CHN to U.S. Senate: Without Action, Our Economy Will Sink into a Harsh and Prolonged Recession
On Monday, the Coalition on Human Needs sent a letter to all 100 U.S. Senators demanding that the next round of COVID-19 legislation – which is currently being negotiated – include policies that protect low- and moderate-income people from economic disaster and expand the ability of local and state governments, as well as front-line, nonprofit service providers, to address the nation’s emerging crisis.
The letter, signed by CHN Executive Director Deborah Weinstein, critiques a Republican proposal that was released on Thursday. “The bill either excludes or provides much less in direct cash payments to low-income people,” the letter states. “Specifically, some people with little income, who need help the most, would be limited to a $600 payment, instead of the $1,200 amount provided to others; some people would be excluded altogether.”
Weinstein adds that the bill potentially weakens paid leave, fails to adequately strengthen Medicaid, does not provide needed aid to states and localities, despite a burgeoning need, and does not adequately expand unemployment insurance or increase SNAP benefits.
All of these things, Weinstein notes, “have proven track records in providing the most effective boosts to a stalled economy. In contrast, the bill’s concentration of assistance to the airline and other industries is not sufficiently conditioned on protecting workers from layoffs and assuring decent pay, working conditions, benefits, and labor rights. Maintaining workers’ jobs and incomes is the primary engine of economic recovery when business aid is provided.”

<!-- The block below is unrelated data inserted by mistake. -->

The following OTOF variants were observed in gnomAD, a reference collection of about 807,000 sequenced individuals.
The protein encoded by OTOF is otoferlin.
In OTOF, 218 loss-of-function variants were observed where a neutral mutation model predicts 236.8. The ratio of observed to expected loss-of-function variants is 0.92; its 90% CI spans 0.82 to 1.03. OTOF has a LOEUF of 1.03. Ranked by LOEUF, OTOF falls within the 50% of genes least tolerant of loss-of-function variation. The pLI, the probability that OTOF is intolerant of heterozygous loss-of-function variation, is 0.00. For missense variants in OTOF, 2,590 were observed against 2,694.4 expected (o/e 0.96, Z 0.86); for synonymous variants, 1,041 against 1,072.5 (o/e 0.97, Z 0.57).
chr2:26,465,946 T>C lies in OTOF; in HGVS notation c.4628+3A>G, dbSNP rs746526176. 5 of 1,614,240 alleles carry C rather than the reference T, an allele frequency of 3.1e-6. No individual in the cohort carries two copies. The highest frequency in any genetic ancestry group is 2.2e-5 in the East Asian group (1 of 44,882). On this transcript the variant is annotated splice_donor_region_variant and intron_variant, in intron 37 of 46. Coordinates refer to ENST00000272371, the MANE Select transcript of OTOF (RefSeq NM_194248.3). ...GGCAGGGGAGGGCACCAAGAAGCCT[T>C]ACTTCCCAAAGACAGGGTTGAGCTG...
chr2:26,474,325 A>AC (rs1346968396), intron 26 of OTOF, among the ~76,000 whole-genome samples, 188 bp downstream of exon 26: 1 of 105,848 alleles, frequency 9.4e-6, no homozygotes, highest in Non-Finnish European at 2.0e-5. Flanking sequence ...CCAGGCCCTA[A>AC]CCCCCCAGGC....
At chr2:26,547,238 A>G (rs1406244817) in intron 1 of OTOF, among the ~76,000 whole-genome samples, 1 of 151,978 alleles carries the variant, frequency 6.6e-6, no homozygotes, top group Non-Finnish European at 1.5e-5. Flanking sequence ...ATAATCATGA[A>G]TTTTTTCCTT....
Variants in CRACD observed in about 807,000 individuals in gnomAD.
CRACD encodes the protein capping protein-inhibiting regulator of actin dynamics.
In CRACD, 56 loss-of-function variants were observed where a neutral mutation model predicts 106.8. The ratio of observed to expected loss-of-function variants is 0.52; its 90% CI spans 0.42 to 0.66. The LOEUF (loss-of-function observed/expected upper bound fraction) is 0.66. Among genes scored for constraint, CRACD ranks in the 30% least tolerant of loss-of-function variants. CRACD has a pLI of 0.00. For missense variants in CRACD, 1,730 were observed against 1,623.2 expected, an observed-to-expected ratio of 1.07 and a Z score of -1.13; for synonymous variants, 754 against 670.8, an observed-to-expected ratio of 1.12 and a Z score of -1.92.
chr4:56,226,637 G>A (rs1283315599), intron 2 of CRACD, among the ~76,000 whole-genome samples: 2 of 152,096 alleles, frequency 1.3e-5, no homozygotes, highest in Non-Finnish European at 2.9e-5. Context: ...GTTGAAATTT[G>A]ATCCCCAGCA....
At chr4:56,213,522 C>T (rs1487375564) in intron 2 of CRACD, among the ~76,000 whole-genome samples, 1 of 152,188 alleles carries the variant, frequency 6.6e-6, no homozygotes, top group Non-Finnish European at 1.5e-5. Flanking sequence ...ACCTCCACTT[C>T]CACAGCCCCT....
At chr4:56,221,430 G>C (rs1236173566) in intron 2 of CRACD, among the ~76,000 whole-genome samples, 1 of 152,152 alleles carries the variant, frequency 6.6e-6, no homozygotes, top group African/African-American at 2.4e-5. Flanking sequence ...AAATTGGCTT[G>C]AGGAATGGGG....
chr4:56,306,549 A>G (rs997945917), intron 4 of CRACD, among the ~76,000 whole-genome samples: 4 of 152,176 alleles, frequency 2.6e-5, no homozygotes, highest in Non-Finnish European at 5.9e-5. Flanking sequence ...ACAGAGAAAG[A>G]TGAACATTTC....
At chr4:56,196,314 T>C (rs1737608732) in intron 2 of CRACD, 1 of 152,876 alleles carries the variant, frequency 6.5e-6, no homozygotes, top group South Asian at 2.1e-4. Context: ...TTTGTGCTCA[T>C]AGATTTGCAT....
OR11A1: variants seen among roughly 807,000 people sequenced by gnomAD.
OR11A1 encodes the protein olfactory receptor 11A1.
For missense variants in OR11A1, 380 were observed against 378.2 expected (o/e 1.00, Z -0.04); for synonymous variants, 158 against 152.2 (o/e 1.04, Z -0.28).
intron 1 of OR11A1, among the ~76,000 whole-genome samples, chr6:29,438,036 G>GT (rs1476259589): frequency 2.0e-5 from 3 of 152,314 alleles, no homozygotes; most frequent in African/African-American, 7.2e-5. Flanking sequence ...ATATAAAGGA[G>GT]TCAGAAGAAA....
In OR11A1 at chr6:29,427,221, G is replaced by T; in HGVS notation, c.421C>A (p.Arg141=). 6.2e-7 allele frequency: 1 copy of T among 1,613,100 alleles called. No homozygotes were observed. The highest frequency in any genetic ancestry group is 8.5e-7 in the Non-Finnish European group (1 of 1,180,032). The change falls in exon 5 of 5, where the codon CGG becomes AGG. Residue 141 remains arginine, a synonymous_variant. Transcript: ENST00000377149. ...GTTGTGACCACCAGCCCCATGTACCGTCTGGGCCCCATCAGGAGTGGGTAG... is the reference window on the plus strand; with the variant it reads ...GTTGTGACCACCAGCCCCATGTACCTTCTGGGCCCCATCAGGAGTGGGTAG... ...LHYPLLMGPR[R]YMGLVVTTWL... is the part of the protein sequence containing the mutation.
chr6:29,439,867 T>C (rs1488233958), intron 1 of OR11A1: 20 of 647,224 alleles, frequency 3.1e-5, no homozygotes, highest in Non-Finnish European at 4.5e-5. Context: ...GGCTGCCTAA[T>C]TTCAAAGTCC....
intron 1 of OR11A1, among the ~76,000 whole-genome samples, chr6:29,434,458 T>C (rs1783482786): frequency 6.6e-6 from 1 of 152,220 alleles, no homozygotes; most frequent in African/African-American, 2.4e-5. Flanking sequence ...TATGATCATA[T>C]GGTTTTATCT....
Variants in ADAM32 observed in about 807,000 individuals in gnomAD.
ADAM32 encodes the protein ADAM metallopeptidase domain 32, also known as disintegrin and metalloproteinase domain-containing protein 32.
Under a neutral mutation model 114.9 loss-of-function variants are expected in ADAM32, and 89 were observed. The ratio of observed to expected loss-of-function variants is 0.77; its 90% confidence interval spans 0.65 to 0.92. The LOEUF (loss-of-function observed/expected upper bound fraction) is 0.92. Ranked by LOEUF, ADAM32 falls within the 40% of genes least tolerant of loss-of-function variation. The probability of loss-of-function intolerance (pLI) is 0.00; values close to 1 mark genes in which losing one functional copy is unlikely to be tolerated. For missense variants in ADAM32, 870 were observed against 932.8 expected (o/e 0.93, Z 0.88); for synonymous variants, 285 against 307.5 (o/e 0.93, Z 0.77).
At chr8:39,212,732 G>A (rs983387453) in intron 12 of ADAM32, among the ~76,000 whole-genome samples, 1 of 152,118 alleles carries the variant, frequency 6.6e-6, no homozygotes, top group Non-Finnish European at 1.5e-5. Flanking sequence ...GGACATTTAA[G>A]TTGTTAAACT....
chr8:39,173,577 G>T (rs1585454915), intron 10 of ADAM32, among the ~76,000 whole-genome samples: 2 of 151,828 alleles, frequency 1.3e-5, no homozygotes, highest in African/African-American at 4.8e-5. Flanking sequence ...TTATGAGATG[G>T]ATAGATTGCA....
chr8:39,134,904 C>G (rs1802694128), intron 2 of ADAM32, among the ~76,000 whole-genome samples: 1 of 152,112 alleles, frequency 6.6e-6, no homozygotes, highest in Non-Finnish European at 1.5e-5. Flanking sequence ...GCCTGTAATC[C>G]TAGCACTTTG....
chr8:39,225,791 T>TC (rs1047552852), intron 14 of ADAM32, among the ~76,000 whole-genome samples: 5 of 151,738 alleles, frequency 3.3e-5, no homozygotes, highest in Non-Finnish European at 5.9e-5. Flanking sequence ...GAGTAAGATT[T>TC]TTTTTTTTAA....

In the letter, CHN lays out five elements that should be included in the next COVID-19 package:
- Direct income payments to individuals designed to reach those most in need.
- Improved use of proven ways to boost the economy: SNAP and unemployment insurance.
- Further support to vital systems providing care and services in states and localities.
- Urgent attention to preventing economic and health disasters for vulnerable people – including homeless people and those threatened with homelessness.
- Conditions applied to aid to businesses – including employers limiting layoffs, complying with health and safety guidelines for workers and contractors, providing a minimum wage of $15 an hour and paid leave, and allowing labor organizing.
Weinstein concludes by noting just what is at stake in the weeks and months ahead – not just for low- and moderate-income people and other vulnerable populations, but really for the entire country.
“Without an adequate response, illness will continue to spread, our institutions and businesses will remain shuttered, and our economy will sink into a harsh and prolonged recession,” she writes. “Forestalling these disastrous outcomes requires a massive expenditure of federal funds, and we cannot afford to waste any of it. That means assisting low- and moderate-income people, shoring up essential state and local services, and protecting workers.”